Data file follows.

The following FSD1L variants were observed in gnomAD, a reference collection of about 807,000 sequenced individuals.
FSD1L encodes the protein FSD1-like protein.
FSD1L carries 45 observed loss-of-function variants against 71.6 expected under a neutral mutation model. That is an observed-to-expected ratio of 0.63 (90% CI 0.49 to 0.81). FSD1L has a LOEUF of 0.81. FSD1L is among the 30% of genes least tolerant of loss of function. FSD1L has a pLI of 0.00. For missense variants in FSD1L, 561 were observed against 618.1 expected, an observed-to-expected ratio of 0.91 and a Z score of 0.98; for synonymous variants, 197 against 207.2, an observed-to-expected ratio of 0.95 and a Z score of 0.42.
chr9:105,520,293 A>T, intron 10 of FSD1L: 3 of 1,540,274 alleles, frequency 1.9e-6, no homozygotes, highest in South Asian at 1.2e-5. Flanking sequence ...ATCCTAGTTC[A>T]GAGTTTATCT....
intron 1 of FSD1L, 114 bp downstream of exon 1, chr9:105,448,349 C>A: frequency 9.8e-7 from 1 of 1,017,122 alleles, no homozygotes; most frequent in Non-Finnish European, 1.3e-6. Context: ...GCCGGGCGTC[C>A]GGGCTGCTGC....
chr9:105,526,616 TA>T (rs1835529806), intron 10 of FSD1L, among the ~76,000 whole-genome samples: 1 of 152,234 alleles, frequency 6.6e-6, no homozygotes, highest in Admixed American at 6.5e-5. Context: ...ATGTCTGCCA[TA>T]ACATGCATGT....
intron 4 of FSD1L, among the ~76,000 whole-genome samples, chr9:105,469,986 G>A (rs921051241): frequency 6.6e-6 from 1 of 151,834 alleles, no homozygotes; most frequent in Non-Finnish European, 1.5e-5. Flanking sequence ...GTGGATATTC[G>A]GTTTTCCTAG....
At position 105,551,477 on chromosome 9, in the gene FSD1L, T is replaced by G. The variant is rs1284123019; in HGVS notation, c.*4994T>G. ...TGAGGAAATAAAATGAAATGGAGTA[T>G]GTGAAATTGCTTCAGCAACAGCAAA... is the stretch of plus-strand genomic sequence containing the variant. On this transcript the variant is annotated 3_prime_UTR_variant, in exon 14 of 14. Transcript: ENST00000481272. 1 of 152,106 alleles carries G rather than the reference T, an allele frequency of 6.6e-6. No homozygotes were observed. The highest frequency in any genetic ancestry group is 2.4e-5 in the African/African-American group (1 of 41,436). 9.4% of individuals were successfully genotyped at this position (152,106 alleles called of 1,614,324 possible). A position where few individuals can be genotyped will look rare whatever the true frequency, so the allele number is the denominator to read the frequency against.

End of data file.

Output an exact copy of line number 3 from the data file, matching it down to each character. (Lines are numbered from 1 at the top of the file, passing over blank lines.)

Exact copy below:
FSD1L carries 45 observed loss-of-function variants against 71.6 expected under a neutral mutation model. That is an observed-to-expected ratio of 0.63 (90% CI 0.49 to 0.81). FSD1L has a LOEUF of 0.81. FSD1L is among the 30% of genes least tolerant of loss of function. FSD1L has a pLI of 0.00. For missense variants in FSD1L, 561 were observed against 618.1 expected, an observed-to-expected ratio of 0.91 and a Z score of 0.98; for synonymous variants, 197 against 207.2, an observed-to-expected ratio of 0.95 and a Z score of 0.42.